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Combined endoscopic third ventriculostomy and choroid plexus cauterization as primary treatment for infant hydrocephalus: a prospective North American series

Clinical article

Scellig S. D. Stone and Benjamin C. Warf

Object

Combined endoscopic third ventriculostomy with choroid plexus cauterization (ETV/CPC) enhances the likelihood of shunt freedom over ETV alone, and thus avoidance of shunt-related morbidity, in hydrocephalic infants. To date, virtually all published reports describe experiences in Africa, thus hampering generalization to other parts of the world. Here, the authors report the first North American prospective series of this combined approach to treat hydrocephalus of various etiologies in infants.

Methods

A prospective series of 50 boys and 41 girls (mean and median ages 4.7 and 3.2 months, respectively) with hydrocephalus underwent ETV/CPC performed by the senior author at Boston Children's Hospital from August 2009 through March 2014. Success data were analyzed using the Kaplan-Meier method and Cox proportional hazards model.

Results

The 91 patients treated included those with aqueductal stenosis (23), myelomeningocele (23), posthemorrhagic hydrocephalus (25), Dandy-Walker complex (6), post-infectious hydrocephalus (6), and other conditions (8). Using Kaplan-Meier survival analysis, 57% of patients required no further hydrocephalus treatment at 1 year. Moreover, 65% remained shunt free to the limit of available follow-up (maximum roughly 4 years). A Cox proportional hazards model identified the following independent predictors of ETV/CPC failure: post-infectious etiology, age at treatment younger than 6 months, prepontine cistern scarring, and prior CSF diversion. Of patients with at least 6 months of follow-up, the overall ETV/CPC success at 6 months (59%) exceeded that predicted by the ETV Success Score (45%). Complications included 1 CSF leak and 1 transient syndrome of inappropriate antidiuretic hormone secretion, and there were no deaths.

Conclusions

ETV/CPC is an effective, safe, and durable treatment for infant hydrocephalus in a North American population, with 1-year success rates similar to those reported in Africa and equivalent to those for primary shunt placement in North America. These findings underscore the need for prospective multicenter studies of the outcomes, quality of life, and economic impact of the procedure compared with primary shunt insertion.

Free access

Endoscope-assisted microsurgical resection of intrinsic brainstem epidermoid: technical note and review of the literature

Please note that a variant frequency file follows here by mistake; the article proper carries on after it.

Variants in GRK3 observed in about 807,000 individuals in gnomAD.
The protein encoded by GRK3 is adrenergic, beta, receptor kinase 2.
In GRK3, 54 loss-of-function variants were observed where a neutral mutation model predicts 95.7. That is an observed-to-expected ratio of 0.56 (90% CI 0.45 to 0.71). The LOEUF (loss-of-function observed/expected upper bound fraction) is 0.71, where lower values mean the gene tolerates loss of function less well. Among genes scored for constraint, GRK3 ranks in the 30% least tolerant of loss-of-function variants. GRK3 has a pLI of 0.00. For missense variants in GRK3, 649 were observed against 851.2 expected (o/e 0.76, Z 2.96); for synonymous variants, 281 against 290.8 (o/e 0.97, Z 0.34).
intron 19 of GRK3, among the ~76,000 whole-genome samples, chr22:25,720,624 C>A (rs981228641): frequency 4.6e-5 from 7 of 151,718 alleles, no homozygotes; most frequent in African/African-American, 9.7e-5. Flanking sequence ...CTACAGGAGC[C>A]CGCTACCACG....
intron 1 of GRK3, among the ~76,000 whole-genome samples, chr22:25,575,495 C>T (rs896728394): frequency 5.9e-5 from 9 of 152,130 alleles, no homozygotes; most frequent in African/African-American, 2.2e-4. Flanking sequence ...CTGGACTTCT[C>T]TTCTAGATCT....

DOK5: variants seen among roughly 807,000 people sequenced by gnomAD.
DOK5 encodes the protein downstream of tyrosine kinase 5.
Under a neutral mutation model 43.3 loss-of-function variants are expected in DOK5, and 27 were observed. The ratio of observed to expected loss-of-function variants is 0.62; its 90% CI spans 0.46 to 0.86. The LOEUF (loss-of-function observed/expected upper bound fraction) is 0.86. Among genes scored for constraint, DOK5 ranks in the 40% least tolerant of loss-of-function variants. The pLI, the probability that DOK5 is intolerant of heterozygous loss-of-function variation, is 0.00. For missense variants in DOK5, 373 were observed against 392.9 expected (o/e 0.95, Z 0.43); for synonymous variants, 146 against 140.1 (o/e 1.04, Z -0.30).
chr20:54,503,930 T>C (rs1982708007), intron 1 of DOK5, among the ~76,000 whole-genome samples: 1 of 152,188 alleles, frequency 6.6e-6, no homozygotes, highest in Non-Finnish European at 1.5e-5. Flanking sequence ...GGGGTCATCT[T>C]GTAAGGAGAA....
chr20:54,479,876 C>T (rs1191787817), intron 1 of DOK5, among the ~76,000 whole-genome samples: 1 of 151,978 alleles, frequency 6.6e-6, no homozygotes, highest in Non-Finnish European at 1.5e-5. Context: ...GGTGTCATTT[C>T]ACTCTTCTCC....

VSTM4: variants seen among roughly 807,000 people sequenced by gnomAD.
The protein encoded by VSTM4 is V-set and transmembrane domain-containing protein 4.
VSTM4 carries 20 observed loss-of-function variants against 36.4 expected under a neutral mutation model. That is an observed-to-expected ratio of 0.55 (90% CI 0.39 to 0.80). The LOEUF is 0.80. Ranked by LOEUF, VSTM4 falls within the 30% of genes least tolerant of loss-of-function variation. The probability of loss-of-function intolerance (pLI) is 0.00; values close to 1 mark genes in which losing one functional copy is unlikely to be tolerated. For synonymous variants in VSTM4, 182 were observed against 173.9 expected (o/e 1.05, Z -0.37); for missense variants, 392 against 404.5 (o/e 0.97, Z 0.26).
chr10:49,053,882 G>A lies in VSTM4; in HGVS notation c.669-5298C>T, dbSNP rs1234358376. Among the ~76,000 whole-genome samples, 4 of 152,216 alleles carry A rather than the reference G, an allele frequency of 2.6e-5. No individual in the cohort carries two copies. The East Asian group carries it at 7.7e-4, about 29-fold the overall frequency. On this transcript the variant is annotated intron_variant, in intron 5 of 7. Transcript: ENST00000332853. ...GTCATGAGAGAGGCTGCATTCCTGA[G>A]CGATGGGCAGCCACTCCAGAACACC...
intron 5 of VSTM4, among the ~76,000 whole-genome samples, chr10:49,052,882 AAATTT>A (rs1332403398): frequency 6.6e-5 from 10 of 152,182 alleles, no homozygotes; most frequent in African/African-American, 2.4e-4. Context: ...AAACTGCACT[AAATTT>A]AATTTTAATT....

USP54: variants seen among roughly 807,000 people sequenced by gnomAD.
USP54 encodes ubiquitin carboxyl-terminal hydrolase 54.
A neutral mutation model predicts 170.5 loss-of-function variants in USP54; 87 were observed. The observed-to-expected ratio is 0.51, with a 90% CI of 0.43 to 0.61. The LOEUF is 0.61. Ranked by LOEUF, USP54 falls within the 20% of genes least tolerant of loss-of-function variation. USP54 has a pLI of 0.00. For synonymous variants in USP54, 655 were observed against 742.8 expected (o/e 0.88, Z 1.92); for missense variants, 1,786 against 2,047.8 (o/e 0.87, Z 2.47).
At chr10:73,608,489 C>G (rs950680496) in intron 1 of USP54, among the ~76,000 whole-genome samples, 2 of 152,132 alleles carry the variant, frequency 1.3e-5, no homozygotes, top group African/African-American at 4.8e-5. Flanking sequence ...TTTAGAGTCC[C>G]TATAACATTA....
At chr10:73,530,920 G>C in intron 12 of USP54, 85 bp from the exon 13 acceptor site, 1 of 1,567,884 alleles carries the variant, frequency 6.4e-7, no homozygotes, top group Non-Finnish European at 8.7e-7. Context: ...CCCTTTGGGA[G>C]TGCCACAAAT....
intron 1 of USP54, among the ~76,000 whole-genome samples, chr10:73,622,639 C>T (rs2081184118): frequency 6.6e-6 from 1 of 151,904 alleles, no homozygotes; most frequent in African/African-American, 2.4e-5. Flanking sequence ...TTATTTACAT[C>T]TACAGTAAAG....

Alan R. Cohen and Scellig S. D. Stone

Intrinsic epidermoid tumors of the brainstem are rare, histologically benign lesions associated with high surgical morbidity and mortality due to their eloquent location. The authors report a child with progressive severe neurological deterioration from a large midline intrinsic brainstem epidermoid at the pontomedullary junction. The mass was removed through a posterior fossa craniotomy and midline endoscope-assisted microsurgical corridor through the floor of the fourth ventricle, using neurophysiological monitoring. Postoperatively, there was dramatic improvement in the patient’s symptoms. Early recurrence of the mass necessitated reoperation with more aggressive resection of the cyst capsule, which led to complete radiographic reconstitution of the brainstem. The patient remains well with a durable recovery 7 years after presentation. The authors review the literature on brainstem epidermoids and discuss the differential diagnosis and management strategies for approaching these lesions, advocating for conservative surgery with resection of as much of the tumor capsule as is safely possible.

Free access

Endoscope-assisted microsurgical resection of intrinsic brainstem epidermoid: technical note and review of the literature

Alan R. Cohen and Scellig S. D. Stone

Intrinsic epidermoid tumors of the brainstem are rare, histologically benign lesions associated with high surgical morbidity and mortality due to their eloquent location. The authors report a child with progressive severe neurological deterioration from a large midline intrinsic brainstem epidermoid at the pontomedullary junction. The mass was removed through a posterior fossa craniotomy and midline endoscope-assisted microsurgical corridor through the floor of the fourth ventricle, using neurophysiological monitoring. Postoperatively, there was dramatic improvement in the patient’s symptoms. Early recurrence of the mass necessitated reoperation with more aggressive resection of the cyst capsule, which led to complete radiographic reconstitution of the brainstem. The patient remains well with a durable recovery 7 years after presentation. The authors review the literature on brainstem epidermoids and discuss the differential diagnosis and management strategies for approaching these lesions, advocating for conservative surgery with resection of as much of the tumor capsule as is safely possible.

Full access

Utility of neuronavigation and neuromonitoring in epilepsy surgery

A review

Scellig S. D. Stone and James T. Rutka

The management of medically refractory epilepsy poses both a valuable therapeutic opportunity and a formidable technical challenge to epilepsy surgeons. Recent decades have produced significant advancements in the capabilities and availability of adjunctive tools in epilepsy surgery. In particular, image-based neuronavigation and electrophysiological neuromonitoring represent versatile and informative modalities that can assist a surgeon in performing safe and effective resections. In the present article the authors discuss these 2 subjects with reference to how they can be applied and what evidence supports their use. As technologies evolve with demonstrated and potential utility, it is important for all clinicians who deal with epilepsy to understand where neuronavigation and neuromonitoring stand in the present and what avenues for improvement exist for the future.